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Thread: Barna: Big decline in US Christian Practice over last 20 years

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    Quote Originally Posted by Angry Floof View Post
    Quote Originally Posted by T.G.G. Moogly View Post
    Quote Originally Posted by Angry Floof View Post
    What has also increased among those who call themselves Christian is tribalism and authoritarianism. This flavor of Christianity doesn't give a rat's ass about church or the teachings of Christ.

    In spite of whatever humane ideas you might find in Christianity, there is no version of the Bible that values reason, evidence, admitting wrong, self reflection, education, or pacifism, or any other idea or practice that could possibly serve to mitigate the ordinary human sociopsychological and cognitive pitfalls that are so easily hijacked and turned into blind obedience to corrupt authoritarianism.

    Few, if any, flavors of Christianity offer tools, skills, or practices that equip human beings to be able to deal humanely and analytically to upheaval and fear. It's only benign in times of relative prosperity and peace.
    Find a really crazy christian and you have someone doing speed or some other drug. Meth will do that to a person.
    Yeah, that's the ticket. Nothing to look at here but some methheads.
    I have to admit my university days were just like that. The biggest dopers were to be found at the Newman Center.

  2. Top | #22
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    Quote Originally Posted by T.G.G. Moogly View Post
    Quote Originally Posted by Angry Floof View Post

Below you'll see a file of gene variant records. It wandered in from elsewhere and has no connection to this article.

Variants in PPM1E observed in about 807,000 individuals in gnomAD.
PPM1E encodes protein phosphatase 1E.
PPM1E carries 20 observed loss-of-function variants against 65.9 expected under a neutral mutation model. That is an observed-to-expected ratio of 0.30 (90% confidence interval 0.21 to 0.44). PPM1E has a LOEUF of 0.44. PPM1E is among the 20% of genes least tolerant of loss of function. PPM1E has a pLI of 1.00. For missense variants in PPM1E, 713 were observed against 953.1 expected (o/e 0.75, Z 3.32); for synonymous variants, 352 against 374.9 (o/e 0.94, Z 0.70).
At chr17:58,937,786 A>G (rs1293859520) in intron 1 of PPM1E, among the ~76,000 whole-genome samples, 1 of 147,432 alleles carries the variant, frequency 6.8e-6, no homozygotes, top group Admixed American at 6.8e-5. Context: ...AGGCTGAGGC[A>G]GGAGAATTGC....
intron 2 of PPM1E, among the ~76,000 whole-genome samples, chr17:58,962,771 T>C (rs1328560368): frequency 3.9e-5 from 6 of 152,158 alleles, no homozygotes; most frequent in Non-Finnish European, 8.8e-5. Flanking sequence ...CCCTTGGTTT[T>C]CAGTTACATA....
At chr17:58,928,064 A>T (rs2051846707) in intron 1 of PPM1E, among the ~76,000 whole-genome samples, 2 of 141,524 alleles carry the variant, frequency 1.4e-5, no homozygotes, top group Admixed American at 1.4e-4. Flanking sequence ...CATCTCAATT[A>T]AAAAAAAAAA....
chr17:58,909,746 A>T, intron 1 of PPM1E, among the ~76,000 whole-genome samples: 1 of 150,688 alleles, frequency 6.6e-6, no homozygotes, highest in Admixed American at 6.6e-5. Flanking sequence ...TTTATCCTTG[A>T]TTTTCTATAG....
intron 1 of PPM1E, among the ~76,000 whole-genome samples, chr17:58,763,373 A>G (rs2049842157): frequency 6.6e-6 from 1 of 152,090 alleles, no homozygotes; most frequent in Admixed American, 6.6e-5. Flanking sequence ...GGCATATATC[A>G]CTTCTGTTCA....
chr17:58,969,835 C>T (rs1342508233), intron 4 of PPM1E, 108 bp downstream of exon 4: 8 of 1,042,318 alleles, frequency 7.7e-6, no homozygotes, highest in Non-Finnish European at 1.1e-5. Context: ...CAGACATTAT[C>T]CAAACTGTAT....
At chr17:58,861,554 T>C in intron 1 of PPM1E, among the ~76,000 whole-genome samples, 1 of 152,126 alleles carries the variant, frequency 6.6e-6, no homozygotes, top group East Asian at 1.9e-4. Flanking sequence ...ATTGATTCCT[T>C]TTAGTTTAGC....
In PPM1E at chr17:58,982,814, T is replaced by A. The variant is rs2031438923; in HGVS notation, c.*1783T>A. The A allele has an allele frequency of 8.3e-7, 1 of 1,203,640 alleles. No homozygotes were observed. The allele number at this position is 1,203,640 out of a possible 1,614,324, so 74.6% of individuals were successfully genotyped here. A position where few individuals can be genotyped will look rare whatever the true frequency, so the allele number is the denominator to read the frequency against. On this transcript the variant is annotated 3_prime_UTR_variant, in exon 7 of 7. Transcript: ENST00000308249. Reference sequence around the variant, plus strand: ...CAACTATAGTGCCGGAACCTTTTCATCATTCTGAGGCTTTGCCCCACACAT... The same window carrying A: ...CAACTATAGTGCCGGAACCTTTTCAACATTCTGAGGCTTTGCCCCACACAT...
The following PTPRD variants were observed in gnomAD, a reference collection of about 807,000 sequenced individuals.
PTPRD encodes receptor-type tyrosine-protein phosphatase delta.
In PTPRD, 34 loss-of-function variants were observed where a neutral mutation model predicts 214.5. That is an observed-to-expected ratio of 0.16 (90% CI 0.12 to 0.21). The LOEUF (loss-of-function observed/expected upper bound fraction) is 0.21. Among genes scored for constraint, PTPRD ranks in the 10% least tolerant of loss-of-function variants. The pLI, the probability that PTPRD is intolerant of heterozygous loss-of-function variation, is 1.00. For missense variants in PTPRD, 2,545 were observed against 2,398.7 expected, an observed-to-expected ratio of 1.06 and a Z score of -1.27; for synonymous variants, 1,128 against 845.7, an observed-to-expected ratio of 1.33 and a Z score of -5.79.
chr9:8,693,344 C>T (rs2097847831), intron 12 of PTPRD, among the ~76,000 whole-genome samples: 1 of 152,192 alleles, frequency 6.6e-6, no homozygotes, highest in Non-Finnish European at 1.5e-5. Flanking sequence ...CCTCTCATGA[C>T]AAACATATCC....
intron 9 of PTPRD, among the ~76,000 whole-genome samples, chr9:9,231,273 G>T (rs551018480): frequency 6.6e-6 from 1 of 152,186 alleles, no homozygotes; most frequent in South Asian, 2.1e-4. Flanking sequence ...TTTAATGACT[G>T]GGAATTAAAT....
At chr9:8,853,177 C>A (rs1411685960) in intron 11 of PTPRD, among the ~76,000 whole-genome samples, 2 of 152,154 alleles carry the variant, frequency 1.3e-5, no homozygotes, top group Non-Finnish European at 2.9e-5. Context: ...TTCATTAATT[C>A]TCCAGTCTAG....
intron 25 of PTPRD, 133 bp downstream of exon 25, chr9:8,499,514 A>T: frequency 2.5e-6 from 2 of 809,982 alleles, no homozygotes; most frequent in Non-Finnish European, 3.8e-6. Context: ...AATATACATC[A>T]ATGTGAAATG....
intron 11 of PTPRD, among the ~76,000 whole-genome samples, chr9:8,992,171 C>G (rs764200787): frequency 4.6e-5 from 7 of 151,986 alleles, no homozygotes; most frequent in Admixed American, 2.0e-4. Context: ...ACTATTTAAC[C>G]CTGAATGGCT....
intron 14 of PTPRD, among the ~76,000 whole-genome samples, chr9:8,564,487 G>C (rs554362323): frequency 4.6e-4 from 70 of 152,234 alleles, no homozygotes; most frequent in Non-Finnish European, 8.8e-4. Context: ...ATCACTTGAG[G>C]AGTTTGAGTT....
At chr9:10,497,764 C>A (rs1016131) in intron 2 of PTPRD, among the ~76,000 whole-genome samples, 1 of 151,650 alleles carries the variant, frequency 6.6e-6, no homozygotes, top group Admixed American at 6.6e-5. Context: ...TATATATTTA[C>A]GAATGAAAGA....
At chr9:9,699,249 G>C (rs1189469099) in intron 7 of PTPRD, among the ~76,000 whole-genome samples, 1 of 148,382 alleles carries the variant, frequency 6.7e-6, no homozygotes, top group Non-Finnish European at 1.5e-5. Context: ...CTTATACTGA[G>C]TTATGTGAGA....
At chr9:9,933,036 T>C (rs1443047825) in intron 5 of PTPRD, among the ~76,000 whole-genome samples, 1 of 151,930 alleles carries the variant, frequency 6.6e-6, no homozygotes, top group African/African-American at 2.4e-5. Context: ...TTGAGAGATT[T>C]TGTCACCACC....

Yeah, that's the ticket. Nothing to look at here but some methheads.
    I have to admit my university days were just like that. The biggest dopers were to be found at the Newman Center.
    No, the most zealous Christians are not on crack or meth or speed. They're on authoritarian tribalism, which is reinforced by Christian doctrine.
    The Authoritarians

    GOP and Trump supporters will not be able to say they didn't know. Vote in numbers too big to manipulate.

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    Quote Originally Posted by Politesse View Post
    So that's why the country turned into a utopia of tolerance, prosperity, and love of knowledge.
    "Tolerance" has definitely increased, despite those that are intolerant (mostly Christians) getting louder, angrier and more political.

    Advances in LGBTQ rights, trans rights, women's equality, the "me too" movement, etc. all owe a partial debt to secularism and the decline of religiosity that is a primary source of opposition to all these things.

    "Love of knowledge" has also increased in some ways, as evidenced by a sizable increase in acceptance of evolution, climate change, the science of homosexuality, etc..

    "Prosperity" on the other hand isn't directly tied to rational thinking or respect for personal liberty that is advanced by shedding the yoke of authoritarianism inherent to theism. The desire to be "prosperous" is largely independent from the religious-secularism.
    Also, the small minority in political power determine how many are prosperous, and that minority is mostly religious or at least feigns religiosity b/c the voting majority is still intolerant against those who don't.

    Also, the advancements in tolerance and love of knowledge come more from the non-Xtians who are still a minority. Just b/c a Christian isn't "practicing" by going to church and may not accept many of the more fantastical orthodox claims, doesn't mean they've shed the misogyny and intolerant bigotry that at the core of Abrahamic religion.

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    Quote Originally Posted by T.G.G. Moogly View Post
    It's safe to say that humanity likes its woo. And I'm no exception because I thoroughly enjoy watching a good movie, pretending that something is real and enjoying the experience. Is a religion like christianity or scientology any different? Are crystals any different? I don't think so.
    I disagree. I think they are very different. Being immersed in a fictional setting that you know is not real is not at all the same thing as believing in crystals, spirits, etc.

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    Quote Originally Posted by Tammuz View Post